1 At that time Jesus went through the grainfields on the Sabbath. His disciples were hungry, and they began to pluck heads of grain and to eat. 2 But when the Pharisees saw it, they said to him, “Look, your disciples are doing what is not lawful to do on the Sabbath.” 3 He said to them, “Have you not read what David did when he was hungry, and those who were with him: 4 how he entered the house of God and ate the bread of the Presence, which it was not lawful for him to eat nor for those who were with him, but only for the priests? 5 Or have you not read in the Law how on the Sabbath the priests in the temple profane the Sabbath and are guiltless? 6 I tell you, something greater than the temple is here. 7 And if you had known what this means, ‘I desire mercy, and not sacrifice,’ you would not have condemned the guiltless. 8 For the Son of Man is lord of the Sabbath.”
Legalism—the adding of man-made rules and restrictions to the commandments of God—inevitably misses the heart of God. More than that, it usually ends up becoming a parody of itself. Richard John Neuhaus gives one amusing example of this:
Many years ago an evangelical publisher brought out a book by C. S. Lewis with his picture on the back of the dustjacket. He was holding his hand in an odd way, as though there was something in it, but there was nothing there. Around his head was a large cloud. It was, of course, a cloud of pipe smoke, but the publisher, in order not to offend, had brushed out the pipe, with the result that Lewis’ head was surrounded by this numinous nimbus. My classmates and I referred to him as See Shekinah Lewis.
So there you have it. It is an amusing example and, in truth, a metaphor for all legalism. You have (1) a man-made law (i.e., no pipes), (2) an earnest effort to obey this man-made law (i.e., airbrushing out the pipe), and (3) a confusing and slightly amusing result (i.e., What is that cloud of smoke hanging over Lewis’ head?!).
Of course, legalism is not always amusing. Oftentimes it is downright deadly. It is always dangerous. Jesus confronted the religious leaders about their legalism more than once in the New Testament. Matthew 12 gives us one such example.
The clash between the traditions of man and the heart of God.
As with many of Jesus’ clashes with the religious establishment, this one happened on the Sabbath, the sacred day of rest.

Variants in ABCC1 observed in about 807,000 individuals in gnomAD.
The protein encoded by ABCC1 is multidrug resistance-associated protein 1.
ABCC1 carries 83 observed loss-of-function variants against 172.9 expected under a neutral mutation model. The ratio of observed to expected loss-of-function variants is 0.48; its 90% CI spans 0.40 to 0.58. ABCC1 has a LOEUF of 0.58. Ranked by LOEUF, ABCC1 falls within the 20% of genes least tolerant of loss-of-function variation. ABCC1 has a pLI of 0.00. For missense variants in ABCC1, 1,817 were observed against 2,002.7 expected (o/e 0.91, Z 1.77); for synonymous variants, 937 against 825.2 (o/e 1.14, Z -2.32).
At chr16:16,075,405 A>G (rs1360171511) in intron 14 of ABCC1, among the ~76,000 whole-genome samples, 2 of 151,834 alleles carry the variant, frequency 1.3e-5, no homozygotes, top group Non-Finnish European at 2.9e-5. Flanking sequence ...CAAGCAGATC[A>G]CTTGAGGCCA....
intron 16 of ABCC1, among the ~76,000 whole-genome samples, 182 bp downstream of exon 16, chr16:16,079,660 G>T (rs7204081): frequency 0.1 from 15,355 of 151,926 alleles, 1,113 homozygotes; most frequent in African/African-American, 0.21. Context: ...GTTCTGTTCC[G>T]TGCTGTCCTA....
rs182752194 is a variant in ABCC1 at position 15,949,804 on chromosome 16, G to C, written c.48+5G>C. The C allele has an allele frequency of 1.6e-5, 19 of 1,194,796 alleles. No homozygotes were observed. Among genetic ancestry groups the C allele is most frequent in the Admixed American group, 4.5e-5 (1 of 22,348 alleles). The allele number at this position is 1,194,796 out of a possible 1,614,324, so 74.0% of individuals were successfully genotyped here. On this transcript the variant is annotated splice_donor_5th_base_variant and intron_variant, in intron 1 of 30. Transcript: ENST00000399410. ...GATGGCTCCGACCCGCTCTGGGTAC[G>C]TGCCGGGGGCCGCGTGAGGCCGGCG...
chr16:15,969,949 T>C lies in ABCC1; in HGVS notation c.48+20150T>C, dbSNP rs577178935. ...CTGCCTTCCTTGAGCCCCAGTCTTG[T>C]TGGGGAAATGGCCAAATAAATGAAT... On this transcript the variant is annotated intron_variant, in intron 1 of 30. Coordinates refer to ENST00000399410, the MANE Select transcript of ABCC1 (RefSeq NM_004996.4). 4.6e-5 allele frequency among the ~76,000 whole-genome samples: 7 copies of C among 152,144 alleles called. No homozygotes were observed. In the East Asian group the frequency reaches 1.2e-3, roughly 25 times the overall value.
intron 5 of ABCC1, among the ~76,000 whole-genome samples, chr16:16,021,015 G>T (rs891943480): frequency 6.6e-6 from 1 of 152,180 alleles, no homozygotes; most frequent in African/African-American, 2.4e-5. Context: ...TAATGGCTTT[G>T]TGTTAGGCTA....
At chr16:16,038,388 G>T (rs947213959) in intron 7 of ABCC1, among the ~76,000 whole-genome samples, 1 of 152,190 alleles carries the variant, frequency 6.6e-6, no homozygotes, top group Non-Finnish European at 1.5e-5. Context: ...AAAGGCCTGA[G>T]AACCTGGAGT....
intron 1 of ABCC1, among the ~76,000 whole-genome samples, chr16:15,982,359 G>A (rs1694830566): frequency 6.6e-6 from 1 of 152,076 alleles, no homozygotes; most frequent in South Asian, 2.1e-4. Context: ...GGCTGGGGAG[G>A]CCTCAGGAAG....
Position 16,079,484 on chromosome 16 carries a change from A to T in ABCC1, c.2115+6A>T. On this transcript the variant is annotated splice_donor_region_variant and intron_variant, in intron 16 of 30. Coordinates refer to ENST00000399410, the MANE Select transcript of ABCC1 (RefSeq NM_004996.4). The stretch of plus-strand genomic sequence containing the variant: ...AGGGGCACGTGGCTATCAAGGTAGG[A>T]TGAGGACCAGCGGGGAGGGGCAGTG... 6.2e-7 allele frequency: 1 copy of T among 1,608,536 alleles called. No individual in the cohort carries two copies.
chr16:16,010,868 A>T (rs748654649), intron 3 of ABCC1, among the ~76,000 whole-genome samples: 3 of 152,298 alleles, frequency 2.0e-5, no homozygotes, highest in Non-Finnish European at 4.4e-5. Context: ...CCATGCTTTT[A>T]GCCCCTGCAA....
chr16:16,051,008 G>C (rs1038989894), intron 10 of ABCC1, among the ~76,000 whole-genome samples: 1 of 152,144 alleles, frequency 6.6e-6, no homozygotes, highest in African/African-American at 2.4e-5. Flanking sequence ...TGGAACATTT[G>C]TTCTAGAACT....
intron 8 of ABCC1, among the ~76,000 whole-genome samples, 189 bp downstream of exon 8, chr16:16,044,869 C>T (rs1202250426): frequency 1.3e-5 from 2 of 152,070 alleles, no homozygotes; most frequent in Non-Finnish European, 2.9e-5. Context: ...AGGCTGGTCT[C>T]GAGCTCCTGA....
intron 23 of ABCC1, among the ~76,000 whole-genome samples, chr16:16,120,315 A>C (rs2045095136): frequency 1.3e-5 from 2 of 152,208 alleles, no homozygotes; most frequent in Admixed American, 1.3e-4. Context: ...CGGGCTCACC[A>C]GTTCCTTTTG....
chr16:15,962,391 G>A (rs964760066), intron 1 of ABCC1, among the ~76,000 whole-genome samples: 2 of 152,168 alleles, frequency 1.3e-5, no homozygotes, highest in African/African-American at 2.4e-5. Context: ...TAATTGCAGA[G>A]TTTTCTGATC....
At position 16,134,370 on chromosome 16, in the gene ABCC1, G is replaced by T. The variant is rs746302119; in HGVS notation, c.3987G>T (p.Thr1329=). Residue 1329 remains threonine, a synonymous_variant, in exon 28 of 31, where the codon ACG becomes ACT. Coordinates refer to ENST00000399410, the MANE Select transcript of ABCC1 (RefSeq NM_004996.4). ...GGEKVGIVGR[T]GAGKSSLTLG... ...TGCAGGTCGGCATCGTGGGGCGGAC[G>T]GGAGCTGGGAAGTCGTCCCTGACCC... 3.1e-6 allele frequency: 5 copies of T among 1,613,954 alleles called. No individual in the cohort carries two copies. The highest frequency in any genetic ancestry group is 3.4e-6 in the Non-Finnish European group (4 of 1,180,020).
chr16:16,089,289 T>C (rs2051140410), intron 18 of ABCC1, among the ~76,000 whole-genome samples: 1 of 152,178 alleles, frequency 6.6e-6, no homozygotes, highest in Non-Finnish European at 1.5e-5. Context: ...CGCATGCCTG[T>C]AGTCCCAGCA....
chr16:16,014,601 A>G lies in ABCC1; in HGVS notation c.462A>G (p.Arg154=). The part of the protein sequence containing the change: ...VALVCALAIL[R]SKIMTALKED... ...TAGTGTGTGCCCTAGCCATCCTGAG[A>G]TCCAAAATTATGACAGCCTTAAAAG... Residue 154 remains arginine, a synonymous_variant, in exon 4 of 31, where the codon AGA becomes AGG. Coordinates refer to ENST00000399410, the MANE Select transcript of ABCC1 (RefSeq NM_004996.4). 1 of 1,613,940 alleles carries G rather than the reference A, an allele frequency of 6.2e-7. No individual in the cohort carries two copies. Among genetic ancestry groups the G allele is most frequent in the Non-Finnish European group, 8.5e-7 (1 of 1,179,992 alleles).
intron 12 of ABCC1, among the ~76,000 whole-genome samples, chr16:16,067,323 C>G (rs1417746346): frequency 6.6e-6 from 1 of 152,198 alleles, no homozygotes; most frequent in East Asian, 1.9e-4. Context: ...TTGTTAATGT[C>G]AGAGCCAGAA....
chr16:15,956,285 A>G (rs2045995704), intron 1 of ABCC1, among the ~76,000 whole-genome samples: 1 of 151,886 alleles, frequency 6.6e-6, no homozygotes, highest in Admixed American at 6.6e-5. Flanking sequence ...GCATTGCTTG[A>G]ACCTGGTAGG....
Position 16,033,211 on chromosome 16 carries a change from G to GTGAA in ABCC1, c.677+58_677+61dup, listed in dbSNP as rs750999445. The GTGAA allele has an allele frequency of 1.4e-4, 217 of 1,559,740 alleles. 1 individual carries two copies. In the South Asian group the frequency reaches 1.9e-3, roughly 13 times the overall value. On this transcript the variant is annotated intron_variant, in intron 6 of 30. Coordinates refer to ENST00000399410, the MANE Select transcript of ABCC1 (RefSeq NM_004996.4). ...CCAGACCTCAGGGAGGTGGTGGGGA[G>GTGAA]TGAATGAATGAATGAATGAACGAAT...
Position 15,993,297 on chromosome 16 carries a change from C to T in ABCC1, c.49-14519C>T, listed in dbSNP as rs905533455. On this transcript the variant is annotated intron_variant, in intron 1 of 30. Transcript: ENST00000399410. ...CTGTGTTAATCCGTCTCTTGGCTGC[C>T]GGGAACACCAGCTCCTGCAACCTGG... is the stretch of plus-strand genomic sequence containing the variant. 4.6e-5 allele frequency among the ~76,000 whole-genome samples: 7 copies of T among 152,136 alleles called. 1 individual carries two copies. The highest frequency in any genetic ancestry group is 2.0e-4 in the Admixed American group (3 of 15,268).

1 At that time Jesus went through the grainfields on the Sabbath. His disciples were hungry, and they began to pluck heads of grain and to eat. 2 But when the Pharisees saw it, they said to him, “Look, your disciples are doing what is not lawful to do on the Sabbath.”
The sabbath was, of course, to be “remembered” and “kept holy” (Exodus 20:8). This commandment is good and this is from God. This is to be a day of rest. The problem is that the religious leaders felt compelled to step in and define exactly and precisely (and is not legalism always exact and precise?) what “rest” meant. As it turns out, the disciples plucking and eating heads of grain on the sabbath violated some of the rabbinic scriptures concerning the sabbath. The IVP Bible Background Commentary notes that “rabbinic law specifically designated this as one of thirty-nine kinds of work forbidden on the sabbath.” David Platt offers more details concerning these traditions and rules.
As legalists, the Pharisees were in serious error in at least three different ways. First, they added to the requirements of the law. For example, the law said you couldn’t travel on the Sabbath (Exod 16:29), which leads us to ask, What is considered traveling? Can you travel around your house? Can you travel to someone else’s house? If you travel beyond someone else’s house, how far can you go? The Pharisees answered such questions by saying that someone was permitted to travel up to three thousand feet from their house, a permissible Sabbath day’s journey. That is, unless you have some food that is within 3,000 feet of your house, and if that’s the case, then that food is an extension of your house, thus allowing you to journey another 3,000 feet. If you went any further than that, it was sin (MacArthur, Matthew 8–15, 282).
Another example of the Pharisees’ approach to the law concerned God’s command not to carry a load on the Sabbath (Exod 20:8-11; Jer 17:21-22). The question naturally arose, What constitutes a load? For instance, are your clothes a load? The Pharisees said no, not if your clothes are worn; only if you are carrying your clothes are they considered a load. So it would be okay to wear a jacket on the Sabbath, but it would be a sin to carry a jacket. John MacArthur describes the absurdity of it all:
Tailors did not carry a needle with them on the Sabbath for fear they might be tempted to mend a garment and thereby perform work. Nothing could be bought or sold, and clothing could not be dyed or washed. A letter could not be dispatched, even if by the hand of a Gentile. No fire could be lit or extinguished—including fire for a lamp—although a fire already lit could be used within certain limits. For that reason, some orthodox Jews today use automatic timers to turn on lights in their homes well before the Sabbath begins. Otherwise they might forget to turn them on in time and have to spend the night in the dark. Baths could not be taken for fear some of the water might spill onto the floor and “wash” it. Chairs could not be moved because dragging them might make a furrow in the ground, and a woman was not to look in a mirror lest she see a gray hair and be tempted to pull it out. (MacArthur, Matthew 8–15, 282)